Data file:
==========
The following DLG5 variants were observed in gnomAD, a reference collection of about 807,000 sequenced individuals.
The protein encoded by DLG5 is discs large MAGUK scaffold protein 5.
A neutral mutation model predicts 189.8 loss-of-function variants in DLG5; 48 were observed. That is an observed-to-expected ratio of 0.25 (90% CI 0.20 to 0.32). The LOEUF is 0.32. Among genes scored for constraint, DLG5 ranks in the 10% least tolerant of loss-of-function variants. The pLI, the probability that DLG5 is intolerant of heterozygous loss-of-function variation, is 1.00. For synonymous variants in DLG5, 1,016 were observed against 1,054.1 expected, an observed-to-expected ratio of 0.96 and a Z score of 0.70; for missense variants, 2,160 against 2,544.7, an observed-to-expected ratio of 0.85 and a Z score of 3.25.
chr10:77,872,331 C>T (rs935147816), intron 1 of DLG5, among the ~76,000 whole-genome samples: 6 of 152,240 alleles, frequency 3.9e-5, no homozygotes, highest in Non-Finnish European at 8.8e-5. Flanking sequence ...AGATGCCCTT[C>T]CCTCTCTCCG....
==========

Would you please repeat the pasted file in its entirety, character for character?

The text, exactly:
The following DLG5 variants were observed in gnomAD, a reference collection of about 807,000 sequenced individuals.
The protein encoded by DLG5 is discs large MAGUK scaffold protein 5.
A neutral mutation model predicts 189.8 loss-of-function variants in DLG5; 48 were observed. That is an observed-to-expected ratio of 0.25 (90% CI 0.20 to 0.32). The LOEUF is 0.32. Among genes scored for constraint, DLG5 ranks in the 10% least tolerant of loss-of-function variants. The pLI, the probability that DLG5 is intolerant of heterozygous loss-of-function variation, is 1.00. For synonymous variants in DLG5, 1,016 were observed against 1,054.1 expected, an observed-to-expected ratio of 0.96 and a Z score of 0.70; for missense variants, 2,160 against 2,544.7, an observed-to-expected ratio of 0.85 and a Z score of 3.25.
chr10:77,872,331 C>T (rs935147816), intron 1 of DLG5, among the ~76,000 whole-genome samples: 6 of 152,240 alleles, frequency 3.9e-5, no homozygotes, highest in Non-Finnish European at 8.8e-5. Flanking sequence ...AGATGCCCTT[C>T]CCTCTCTCCG....